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Foot Locker's (NYSE:FL) Shareholders Are Down 36% On Their Shares

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Simply Wall St
·3 min read
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It is a pleasure to report that the Foot Locker, Inc. (NYSE:FL) is up 34% in the last quarter. But if you look at the last five years the returns have not been good. In fact, the share price is down 36%, which falls well short of the return you could get by buying an index fund.

See our latest analysis for Foot Locker

There is no denying that markets are sometimes efficient, but prices do not always reflect underlying business performance. One way to examine how market sentiment has changed over time is to look at the interaction between a company's share price and its earnings per share (EPS).

During the five years over which the share price declined, Foot Locker's earnings per share (EPS) dropped by 14% each year. The share price decline of 9% per year isn't as bad as the EPS decline. The relatively muted share price reaction might be because the market expects the business to turn around.

The company's earnings per share (over time) is depicted in the image below (click to see the exact numbers).

earnings-per-share-growth
earnings-per-share-growth

Dive deeper into Foot Locker's key metrics by checking this interactive graph of Foot Locker's earnings, revenue and cash flow.

What About Dividends?

It is important to consider the total shareholder return, as well as the share price return, for any given stock. The TSR is a return calculation that accounts for the value of cash dividends (assuming that any dividend received was reinvested) and the calculated value of any discounted capital raisings and spin-offs. Arguably, the TSR gives a more comprehensive picture of the return generated by a stock. As it happens, Foot Locker's TSR for the last 5 years was -27%, which exceeds the share price return mentioned earlier. The dividends paid by the company have thusly boosted the total shareholder return.

A Different Perspective

Foot Locker shareholders are down 12% for the year (even including dividends), but the market itself is up 21%. However, keep in mind that even the best stocks will sometimes underperform the market over a twelve month period. Unfortunately, last year's performance may indicate unresolved challenges, given that it was worse than the annualised loss of 5% over the last half decade. Generally speaking long term share price weakness can be a bad sign, though contrarian investors might want to research the stock in hope of a turnaround. I find it very interesting to look at share price over the long term as a proxy for business performance. But to truly gain insight, we need to consider other information, too. Consider for instance, the ever-present spectre of investment risk. We've identified 2 warning signs with Foot Locker , and understanding them should be part of your investment process.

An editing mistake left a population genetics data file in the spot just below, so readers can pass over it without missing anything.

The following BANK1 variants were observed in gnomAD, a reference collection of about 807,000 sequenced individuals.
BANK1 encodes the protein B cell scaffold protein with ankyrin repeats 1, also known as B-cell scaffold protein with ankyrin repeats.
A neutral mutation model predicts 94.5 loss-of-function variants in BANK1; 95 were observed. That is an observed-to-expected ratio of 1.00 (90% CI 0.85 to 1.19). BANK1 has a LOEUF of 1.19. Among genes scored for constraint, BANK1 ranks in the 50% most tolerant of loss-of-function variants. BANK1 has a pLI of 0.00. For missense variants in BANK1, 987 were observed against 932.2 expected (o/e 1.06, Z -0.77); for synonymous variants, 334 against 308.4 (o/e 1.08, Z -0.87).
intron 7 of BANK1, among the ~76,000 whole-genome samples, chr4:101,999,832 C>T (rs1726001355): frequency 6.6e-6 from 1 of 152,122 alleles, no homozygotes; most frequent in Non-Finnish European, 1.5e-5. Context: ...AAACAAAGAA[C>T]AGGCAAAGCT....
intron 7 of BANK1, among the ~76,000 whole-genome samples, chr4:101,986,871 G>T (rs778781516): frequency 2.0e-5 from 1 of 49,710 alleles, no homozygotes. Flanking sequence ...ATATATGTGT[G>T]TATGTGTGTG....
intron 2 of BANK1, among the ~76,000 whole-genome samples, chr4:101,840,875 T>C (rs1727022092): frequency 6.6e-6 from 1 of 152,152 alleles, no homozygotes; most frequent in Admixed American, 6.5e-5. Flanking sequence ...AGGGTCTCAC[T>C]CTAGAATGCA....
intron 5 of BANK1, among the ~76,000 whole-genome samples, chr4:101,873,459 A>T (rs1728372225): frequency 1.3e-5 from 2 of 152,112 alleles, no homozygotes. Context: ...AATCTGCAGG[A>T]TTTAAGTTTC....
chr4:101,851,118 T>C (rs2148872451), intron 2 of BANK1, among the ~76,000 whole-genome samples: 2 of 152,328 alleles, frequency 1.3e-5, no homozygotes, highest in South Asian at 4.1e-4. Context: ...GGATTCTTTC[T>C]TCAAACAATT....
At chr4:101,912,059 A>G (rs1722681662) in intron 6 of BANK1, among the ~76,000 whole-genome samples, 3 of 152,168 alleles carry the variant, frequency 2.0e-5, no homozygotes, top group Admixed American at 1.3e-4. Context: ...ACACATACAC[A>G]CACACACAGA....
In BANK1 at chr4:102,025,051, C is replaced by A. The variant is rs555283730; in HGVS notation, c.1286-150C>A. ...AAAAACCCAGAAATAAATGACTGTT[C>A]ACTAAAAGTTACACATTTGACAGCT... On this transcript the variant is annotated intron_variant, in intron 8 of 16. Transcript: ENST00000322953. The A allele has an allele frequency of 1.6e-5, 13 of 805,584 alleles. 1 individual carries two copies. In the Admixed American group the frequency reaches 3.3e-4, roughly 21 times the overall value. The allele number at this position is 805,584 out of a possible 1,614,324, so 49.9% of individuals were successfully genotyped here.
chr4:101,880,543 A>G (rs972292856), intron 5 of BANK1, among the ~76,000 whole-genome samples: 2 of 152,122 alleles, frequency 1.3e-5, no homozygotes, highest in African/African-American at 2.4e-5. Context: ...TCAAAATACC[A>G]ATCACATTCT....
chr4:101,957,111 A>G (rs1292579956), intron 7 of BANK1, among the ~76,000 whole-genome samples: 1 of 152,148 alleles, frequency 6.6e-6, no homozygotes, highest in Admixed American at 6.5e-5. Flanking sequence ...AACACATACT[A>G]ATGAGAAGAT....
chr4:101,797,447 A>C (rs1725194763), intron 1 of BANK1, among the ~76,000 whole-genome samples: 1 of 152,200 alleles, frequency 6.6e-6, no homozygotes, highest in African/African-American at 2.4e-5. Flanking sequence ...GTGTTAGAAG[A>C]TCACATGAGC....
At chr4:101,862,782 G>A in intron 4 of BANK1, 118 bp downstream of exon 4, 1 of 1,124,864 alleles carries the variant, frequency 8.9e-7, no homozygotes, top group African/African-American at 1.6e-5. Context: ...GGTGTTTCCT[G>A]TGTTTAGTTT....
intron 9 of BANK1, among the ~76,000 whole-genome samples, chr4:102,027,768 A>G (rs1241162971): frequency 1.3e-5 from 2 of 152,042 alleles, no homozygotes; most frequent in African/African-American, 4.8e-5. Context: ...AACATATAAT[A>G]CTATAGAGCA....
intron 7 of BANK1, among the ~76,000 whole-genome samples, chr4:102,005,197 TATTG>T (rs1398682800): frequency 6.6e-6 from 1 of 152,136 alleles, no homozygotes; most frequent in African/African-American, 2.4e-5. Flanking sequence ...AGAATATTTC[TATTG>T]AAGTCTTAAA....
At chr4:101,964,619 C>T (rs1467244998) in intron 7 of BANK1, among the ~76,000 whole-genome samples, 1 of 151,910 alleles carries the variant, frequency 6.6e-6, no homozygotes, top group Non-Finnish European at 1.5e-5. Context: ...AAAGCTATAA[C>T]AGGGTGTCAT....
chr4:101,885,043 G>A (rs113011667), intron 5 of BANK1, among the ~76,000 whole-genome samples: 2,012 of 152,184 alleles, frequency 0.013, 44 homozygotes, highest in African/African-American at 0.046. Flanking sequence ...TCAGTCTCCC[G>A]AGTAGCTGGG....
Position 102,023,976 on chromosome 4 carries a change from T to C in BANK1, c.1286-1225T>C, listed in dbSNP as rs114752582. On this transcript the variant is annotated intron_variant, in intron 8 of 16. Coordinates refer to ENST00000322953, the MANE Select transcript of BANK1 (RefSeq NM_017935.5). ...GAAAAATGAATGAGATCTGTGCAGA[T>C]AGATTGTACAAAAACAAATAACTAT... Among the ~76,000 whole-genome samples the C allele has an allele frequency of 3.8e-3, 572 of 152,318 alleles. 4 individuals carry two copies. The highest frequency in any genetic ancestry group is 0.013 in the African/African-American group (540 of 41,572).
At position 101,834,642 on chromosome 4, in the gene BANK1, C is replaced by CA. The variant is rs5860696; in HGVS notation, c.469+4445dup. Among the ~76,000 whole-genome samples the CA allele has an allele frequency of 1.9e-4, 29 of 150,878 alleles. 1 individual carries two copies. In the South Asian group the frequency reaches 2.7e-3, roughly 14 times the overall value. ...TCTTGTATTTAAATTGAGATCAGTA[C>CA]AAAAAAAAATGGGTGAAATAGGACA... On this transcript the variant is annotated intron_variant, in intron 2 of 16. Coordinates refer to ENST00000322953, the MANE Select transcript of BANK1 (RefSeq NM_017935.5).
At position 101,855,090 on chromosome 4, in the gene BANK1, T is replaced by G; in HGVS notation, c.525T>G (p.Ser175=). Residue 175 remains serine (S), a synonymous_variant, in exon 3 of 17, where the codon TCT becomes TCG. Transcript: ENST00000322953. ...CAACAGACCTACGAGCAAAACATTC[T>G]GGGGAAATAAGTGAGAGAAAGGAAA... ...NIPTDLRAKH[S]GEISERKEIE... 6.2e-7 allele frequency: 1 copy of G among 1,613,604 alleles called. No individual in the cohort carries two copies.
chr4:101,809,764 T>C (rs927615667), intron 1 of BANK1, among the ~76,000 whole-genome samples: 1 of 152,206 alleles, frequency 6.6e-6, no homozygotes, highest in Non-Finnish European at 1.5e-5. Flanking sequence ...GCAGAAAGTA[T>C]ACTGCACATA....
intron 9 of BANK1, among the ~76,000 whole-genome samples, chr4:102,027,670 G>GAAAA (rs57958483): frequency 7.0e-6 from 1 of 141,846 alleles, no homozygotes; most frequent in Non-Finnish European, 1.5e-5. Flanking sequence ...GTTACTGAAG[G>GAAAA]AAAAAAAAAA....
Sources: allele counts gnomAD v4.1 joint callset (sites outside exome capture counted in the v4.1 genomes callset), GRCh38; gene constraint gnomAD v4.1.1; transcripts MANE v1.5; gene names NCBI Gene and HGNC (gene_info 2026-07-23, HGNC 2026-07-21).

If you would prefer to check out another company -- one with potentially superior financials -- then do not miss this free list of companies that have proven they can grow earnings.

Please note, the market returns quoted in this article reflect the market weighted average returns of stocks that currently trade on US exchanges.

This article by Simply Wall St is general in nature. It does not constitute a recommendation to buy or sell any stock, and does not take account of your objectives, or your financial situation. We aim to bring you long-term focused analysis driven by fundamental data. Note that our analysis may not factor in the latest price-sensitive company announcements or qualitative material. Simply Wall St has no position in any stocks mentioned.

Have feedback on this article? Concerned about the content? Get in touch with us directly. Alternatively, email editorial-team@simplywallst.com.